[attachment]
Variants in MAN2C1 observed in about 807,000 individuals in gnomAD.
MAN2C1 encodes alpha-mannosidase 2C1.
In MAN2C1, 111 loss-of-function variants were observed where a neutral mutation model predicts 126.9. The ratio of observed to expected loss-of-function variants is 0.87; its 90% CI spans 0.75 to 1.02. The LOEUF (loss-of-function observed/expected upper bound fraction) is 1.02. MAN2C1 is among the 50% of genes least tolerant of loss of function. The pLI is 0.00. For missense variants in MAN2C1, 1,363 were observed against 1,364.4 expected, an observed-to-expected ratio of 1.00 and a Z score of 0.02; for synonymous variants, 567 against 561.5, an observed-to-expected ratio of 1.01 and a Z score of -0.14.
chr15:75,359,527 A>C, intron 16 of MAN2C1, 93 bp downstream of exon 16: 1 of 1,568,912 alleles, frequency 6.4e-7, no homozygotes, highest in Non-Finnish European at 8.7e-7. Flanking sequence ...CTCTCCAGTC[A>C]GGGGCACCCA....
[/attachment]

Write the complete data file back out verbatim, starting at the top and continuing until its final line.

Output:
Variants in MAN2C1 observed in about 807,000 individuals in gnomAD.
MAN2C1 encodes alpha-mannosidase 2C1.
In MAN2C1, 111 loss-of-function variants were observed where a neutral mutation model predicts 126.9. The ratio of observed to expected loss-of-function variants is 0.87; its 90% CI spans 0.75 to 1.02. The LOEUF (loss-of-function observed/expected upper bound fraction) is 1.02. MAN2C1 is among the 50% of genes least tolerant of loss of function. The pLI is 0.00. For missense variants in MAN2C1, 1,363 were observed against 1,364.4 expected, an observed-to-expected ratio of 1.00 and a Z score of 0.02; for synonymous variants, 567 against 561.5, an observed-to-expected ratio of 1.01 and a Z score of -0.14.
chr15:75,359,527 A>C, intron 16 of MAN2C1, 93 bp downstream of exon 16: 1 of 1,568,912 alleles, frequency 6.4e-7, no homozygotes, highest in Non-Finnish European at 8.7e-7. Flanking sequence ...CTCTCCAGTC[A>C]GGGGCACCCA....